[1] [2] [3] [4] [5] There is considerable question whether the conclusion that the injury did not arise in the course of the employment is supported by the finding as corrected. Whether the injury arose out of the employment depends upon the determination of the intent and purpose with which the acts were performed by Harbst. A finding of a fact of this character is the finding of a primary fact. Herbst was instantaneously killed and no information as to his purposes or intent was available from his lips. Since there is no direct evidence of these facts, the question is whether they can reasonably be inferred from all of the evidence in the case. Howe v. Watkins Bros., 107 Conn. 640, 644, 142 A. 69; Conn.App.Proc., § 77 et seq., § 123. Perusal of the evidence has convinced us that the misapprehension of the commissioner of the true standards and applicable rules of law, perhaps unconsciously but nevertheless effectively, resulted in a finding of which the plaintiff justly complains. The burden of proving that the injury arose in the course of and out of Herbst's employment was on the plaintiff. This ordinarily and in this case presents a question for the determination of the commissioner and we have no intention of usurping his function. Rosenberger v. Mar-Bern Coal Co., Pa.Super., 30 A.2d 153, 158; Fiengo v. E. Vitale, Inc., 125 Conn. 559, 562, 7 A.2d 385. It should appear, however, beyond question, that in determining this issue the correct standards were applied. The very recent case of Jones v. Town of Hamden, 129 Conn. 532, 534, 29 A.2d 772, is exactly in point. In that case this issue was held to be one of fact but the case was remanded because it appeared that the wrong standard was applied. Cases under the Workmen's Compensation Act * * * are upon s different basis from actions between ordinary litigants. No case under this act should be finally determined when the trial court, or this court, is of the opinion that, through inadvertence, or otherwise, the facts have not been sufficiently found to render a just judgment. When this appears, the case must be returned to the commissioner for a finding in accordance with the suggestions made by the trial court or this court, and for an award to be made upon the corrected finding.’ Cormican v. McMahon, 102 Conn. 234, 238, 128 A. 709, 710.

In Larke v. John Hancock Mut. Life Ins. Co., 90 Conn. 303, at pages 308, 309, 97 A. 320, at page 321, L.R.A.1916E, 584, the rule was stated to be: ‘* * * an injury to an employee is said to arise in the course of his employment when it occurs within the period of his employment, at a place where he may reasonably be, and while he is reasonably fulfilling the duties of his employment, or engaged in doing something incidental to it. ‘In the course of’ points to the place and circumstances under which the accident takes place and the time when it occurred. * * * The term ‘arising out of,’ in this act, points to the origin or cause of the injury. * * * It presupposes a causal connection between the employment and the injury.' See General Statutes, § 5223. This definition has been applied many times since but, as is usual in such cases, its formulation has been easier than its application.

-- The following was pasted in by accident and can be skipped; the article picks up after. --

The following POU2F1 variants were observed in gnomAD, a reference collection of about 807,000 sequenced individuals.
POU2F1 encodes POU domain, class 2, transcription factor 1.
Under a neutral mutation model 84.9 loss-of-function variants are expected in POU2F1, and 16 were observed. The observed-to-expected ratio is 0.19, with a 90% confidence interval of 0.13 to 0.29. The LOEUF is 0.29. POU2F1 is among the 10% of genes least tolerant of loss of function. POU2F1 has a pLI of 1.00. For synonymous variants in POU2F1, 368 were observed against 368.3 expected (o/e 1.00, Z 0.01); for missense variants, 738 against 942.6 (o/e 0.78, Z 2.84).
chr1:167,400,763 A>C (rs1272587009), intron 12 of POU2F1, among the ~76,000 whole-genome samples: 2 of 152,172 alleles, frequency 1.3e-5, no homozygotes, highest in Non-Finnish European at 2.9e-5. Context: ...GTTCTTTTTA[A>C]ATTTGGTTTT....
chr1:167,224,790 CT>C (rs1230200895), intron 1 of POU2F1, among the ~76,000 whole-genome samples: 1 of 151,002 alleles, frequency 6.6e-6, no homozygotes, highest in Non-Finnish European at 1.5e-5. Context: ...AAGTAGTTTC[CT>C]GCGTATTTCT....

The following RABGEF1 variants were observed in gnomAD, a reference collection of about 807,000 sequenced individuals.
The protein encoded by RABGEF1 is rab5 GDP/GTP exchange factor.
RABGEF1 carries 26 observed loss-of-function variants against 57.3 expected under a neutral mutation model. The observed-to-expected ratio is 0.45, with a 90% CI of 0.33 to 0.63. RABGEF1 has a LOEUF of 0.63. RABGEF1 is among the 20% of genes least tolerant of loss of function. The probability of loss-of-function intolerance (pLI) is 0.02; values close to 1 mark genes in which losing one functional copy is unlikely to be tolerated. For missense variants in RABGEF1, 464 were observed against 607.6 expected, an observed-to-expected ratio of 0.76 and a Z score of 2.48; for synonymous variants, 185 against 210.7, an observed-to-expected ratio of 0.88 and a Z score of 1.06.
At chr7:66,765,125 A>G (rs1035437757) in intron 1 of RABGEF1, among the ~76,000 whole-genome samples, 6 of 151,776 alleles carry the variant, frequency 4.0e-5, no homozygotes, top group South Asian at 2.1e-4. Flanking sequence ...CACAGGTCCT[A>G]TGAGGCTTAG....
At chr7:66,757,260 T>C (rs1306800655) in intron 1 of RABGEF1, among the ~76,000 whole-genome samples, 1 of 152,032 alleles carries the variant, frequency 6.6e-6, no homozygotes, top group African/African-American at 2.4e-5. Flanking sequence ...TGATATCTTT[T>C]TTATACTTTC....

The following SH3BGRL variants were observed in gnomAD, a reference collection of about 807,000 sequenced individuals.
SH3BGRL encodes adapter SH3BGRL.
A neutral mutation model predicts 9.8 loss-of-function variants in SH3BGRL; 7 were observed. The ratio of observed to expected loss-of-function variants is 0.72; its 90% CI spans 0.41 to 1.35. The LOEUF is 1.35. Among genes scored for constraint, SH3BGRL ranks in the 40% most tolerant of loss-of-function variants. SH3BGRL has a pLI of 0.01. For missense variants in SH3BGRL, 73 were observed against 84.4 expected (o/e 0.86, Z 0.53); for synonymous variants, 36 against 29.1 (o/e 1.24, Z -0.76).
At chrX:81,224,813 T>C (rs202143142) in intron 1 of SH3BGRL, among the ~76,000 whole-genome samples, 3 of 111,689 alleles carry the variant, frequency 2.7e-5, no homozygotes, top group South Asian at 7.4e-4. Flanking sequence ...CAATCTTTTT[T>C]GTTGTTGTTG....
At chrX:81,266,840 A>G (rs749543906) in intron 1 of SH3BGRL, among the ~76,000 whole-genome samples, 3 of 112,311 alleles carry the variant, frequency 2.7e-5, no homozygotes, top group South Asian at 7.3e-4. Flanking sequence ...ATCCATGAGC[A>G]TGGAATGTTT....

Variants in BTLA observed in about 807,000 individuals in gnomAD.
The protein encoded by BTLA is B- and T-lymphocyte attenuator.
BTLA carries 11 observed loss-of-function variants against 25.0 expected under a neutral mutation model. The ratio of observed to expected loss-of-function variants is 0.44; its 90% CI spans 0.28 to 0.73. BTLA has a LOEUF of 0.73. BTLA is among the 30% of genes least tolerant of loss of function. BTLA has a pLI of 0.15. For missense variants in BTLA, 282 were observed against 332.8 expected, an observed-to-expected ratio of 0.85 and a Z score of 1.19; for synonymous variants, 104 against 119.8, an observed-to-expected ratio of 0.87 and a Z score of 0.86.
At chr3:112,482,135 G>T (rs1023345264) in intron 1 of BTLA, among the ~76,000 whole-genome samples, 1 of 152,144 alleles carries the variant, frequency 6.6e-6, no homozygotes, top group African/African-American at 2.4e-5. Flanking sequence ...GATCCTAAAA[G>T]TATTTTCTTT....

The commissioner apparently decided that Herbst was not in the course of his employment because he was taking a forbidden route and was a trespasser on railroad property. This result does not necessarily follow. See Procaccino v. E. Horton & Sons, 95 Conn. 408,...

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19 cases
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    • United States
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    ...v. American Brass Co., 132 Conn. 606, 609, 46 A.2d 339; Ruckgaber v. Clark, 131 Conn. 341, 343, 39 A.2d 881; Herbst v. Hat Corporation of America, 130 Conn. 1, 5, 31 A.2d 329; Larke v. John Hancock Mutual Life Ins. Co., 90 Conn. 303, 308, 97 A. 320. An injury is said to arise out of the emp......
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    ...stated, this test has been confused over the years. "Its formulation has been easier than its application." Herbst v. Hat Corporation of America, 130 Conn. 1, 5, 31 A.2d 329 (1943). This confusion has developed as a result of a half century of factual variations on the legal rule. We take t......